It is the view of a flat green meadow, dotted with haycocks. A cinder path running alongside of a ditch crosses it diagonally. And on the horizon, in the middle of the picture, there stands the sun. The whole thing is a blend of colour and tone a vibration of the whole scale of colours in the air. First of all there is a mauve tinted mist through which the sun peers, half concealed by a dark violet bank of clouds with a thin brilliant red lining. The sun contains some vermilion, and above it there is a strip of yellow which shades into green and, higher up, into a bluish tint that becomes the most delicate azure. Here and there I have put in a light purple or gray cloud gilded with the sun's livery.
    The ground is a strong carpet-like texture of green, gray and brown, full of light and shade and life. The water in the ditch sparkles on the clay soil. It is in the style of one of Emile Breton's paintings.
    I have also painted a large stretch of dunes. I put the colour on thick and treated it broadly.
    I feel quite certain that, on looking at these two pictures, no one will ever believe that they are the first studies I have ever painted. ...I believe the reason of it is that before I began to paint, I made such a long and careful study of drawing and perspective that I can now sketch a thing as I see it. ...[S]ince I have bought my brushes and painting materials, I have slaved so hard that I am dead tired—seven colour studies straight off! ...I literally cannot stand, and yet I can neither forsake my work nor take a rest. ...[W]hen I am painting things present themselves to me in colour, which formerly I never used to see things full of breadth and vigour. ...I have progressed to the extent that when anything in Nature happens to strike me, I have more means at my command ...for expressing that thing with force.
 
Avenue in Park d'Argenson in Asnierès (1887)
 
A Woman Walking in a Garden
 
Acacia in Flowers
  • Yesterday evening I was busy painting the gently rising ground in the wood, which is all strewn with dry withered beach leaves. It varied in colour from a light to a dark red-brown, and the cast shadows of the trees fell across it in faint or strongly marked stripes. The difficulty was and I found it very trying to succeed in getting the depth of the colour and the enormous strength and solidity of the ground and I noticed while I worked how much light there was even in the dark shadows! The thing was to render the effect of light and also the glow, and not to lose the depth of rich colour. For one cannot imagine a more magnificent carpet than that deep red-brown ground, bathed in the glow of the autumn evening sunlight, softened by its passage through the trees.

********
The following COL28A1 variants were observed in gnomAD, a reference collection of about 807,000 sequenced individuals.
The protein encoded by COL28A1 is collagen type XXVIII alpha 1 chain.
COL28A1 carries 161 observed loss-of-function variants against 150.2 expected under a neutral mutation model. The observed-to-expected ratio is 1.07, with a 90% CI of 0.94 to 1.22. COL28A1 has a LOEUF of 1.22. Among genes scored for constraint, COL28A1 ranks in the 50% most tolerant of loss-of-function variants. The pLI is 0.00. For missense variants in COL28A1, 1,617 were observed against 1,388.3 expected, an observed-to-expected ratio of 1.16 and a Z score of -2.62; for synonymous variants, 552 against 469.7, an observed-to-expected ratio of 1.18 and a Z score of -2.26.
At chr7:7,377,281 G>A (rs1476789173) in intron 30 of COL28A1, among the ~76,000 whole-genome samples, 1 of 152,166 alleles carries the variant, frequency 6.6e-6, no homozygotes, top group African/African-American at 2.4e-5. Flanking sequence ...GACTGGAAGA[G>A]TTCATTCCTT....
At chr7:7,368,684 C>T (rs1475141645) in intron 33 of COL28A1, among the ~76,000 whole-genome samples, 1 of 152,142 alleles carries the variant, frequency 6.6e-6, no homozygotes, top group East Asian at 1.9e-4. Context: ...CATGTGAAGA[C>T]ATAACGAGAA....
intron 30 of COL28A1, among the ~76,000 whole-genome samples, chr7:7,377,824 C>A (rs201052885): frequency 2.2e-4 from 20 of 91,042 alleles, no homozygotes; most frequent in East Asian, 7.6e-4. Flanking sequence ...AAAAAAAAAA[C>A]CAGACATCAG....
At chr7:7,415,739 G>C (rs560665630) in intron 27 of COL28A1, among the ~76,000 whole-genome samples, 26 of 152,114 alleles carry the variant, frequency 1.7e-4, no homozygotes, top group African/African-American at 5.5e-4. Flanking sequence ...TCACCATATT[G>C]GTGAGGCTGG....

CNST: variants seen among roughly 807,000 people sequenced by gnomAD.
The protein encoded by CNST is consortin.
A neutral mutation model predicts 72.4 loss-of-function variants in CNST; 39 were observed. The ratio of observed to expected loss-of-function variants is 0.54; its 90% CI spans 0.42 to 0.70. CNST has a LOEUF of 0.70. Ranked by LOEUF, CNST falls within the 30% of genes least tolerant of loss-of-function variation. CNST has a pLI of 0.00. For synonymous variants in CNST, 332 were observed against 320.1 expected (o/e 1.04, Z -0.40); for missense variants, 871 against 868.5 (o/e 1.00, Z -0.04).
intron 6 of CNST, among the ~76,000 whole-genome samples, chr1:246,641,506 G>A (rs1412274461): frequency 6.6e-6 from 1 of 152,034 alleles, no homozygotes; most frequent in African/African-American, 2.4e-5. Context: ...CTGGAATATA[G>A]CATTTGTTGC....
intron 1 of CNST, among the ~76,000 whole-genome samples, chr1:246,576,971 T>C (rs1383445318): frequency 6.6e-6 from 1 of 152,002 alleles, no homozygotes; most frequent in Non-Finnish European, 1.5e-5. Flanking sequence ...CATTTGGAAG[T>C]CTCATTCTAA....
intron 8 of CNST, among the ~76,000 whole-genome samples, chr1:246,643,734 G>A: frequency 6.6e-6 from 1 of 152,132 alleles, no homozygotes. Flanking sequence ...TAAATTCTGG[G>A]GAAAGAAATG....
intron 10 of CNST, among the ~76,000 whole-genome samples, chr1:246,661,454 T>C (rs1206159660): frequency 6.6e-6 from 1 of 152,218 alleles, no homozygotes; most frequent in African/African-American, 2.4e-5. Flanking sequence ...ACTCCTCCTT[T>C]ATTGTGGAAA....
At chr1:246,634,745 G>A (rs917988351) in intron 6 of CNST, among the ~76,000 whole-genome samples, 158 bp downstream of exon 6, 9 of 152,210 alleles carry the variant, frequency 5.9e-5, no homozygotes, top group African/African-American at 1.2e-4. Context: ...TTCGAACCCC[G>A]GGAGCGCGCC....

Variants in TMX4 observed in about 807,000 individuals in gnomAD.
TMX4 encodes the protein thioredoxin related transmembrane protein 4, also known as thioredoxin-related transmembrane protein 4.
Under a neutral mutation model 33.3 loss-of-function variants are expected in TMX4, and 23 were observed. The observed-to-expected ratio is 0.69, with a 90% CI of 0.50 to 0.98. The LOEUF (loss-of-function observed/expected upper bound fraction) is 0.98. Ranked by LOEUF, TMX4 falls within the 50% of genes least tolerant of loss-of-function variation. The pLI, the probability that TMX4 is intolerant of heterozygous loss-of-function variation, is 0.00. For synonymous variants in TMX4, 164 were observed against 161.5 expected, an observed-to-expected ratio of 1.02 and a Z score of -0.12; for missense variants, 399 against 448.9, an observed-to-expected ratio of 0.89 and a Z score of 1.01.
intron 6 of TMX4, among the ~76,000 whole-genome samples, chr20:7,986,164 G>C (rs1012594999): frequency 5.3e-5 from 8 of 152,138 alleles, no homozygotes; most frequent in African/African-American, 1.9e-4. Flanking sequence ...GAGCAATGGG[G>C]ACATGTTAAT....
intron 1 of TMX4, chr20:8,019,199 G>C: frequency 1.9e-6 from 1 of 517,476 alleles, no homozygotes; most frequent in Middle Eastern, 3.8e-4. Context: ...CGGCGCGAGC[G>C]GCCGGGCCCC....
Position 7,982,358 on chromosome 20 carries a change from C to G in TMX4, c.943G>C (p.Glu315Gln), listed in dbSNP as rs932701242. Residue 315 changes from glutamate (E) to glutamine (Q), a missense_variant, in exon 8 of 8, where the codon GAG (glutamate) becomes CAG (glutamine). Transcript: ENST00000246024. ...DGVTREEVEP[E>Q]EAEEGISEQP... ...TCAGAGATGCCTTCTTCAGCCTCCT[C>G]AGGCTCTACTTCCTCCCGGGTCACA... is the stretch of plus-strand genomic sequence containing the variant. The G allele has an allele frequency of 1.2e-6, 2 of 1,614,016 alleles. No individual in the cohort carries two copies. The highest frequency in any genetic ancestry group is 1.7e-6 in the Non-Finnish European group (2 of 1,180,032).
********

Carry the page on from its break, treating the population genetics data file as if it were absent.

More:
Beech trees grow here, the trunks of which look bright green in the clear light and a warm black-green in the shade. Behind the trunks, above the red-brown ground one could see the delicate blue and warm gray of the sky—it was scarcely blue—and in front of it a diaphanous haze of green, and a maze of trees with golden leaves. The forms of a few peasants gathering wood crept about like dark mysterious shadows, while the white bonnet of a woman bending to gather a few dried twigs suddenly stood out from the deep red-brown of the earth. ...The white bonnet, the shoulders, and bust of a woman stood out against the sky. The figures were large and full of poetry and, in the twilight of the deep shadows, seemed like gigantic terracottas fashioned in a studio. That is how I describe Nature to you. How far I have rendered the effect in my sketch, I do not know. I can only say that I was struck by the harmony of green, red, black, yellow, blue, and gray. It was quite in the style of de Groux; the effect was like that in the sketch of the "Depart du Consent."
    To paint it was a herculean task. On the ground alone I used one and a half large tubes of white; and yet it is still very dark. I also used red, yellow, brown, yellow-ochre, black, raw sienna and bistre and the result is a red-brown, which varies from a deep wine-red to a delicate pale pink. It is very difficult to succeed in getting the colour of the moss and the effect of the small border of fresh grass which shone so brightly in the sunlight. Believe me, this is a sketch which, if I may say so, people will think something of, for it makes a decided appeal. ...I pressed the roots and trunks out of the tubes direct, and then modelled them a little with the brush. And now they do indeed stand in the soil, and grow out of it, and strike firm roots into it. ...In a sense I am glad that I never learnt to paint. If I had I should perhaps have learnt to overlook such effects.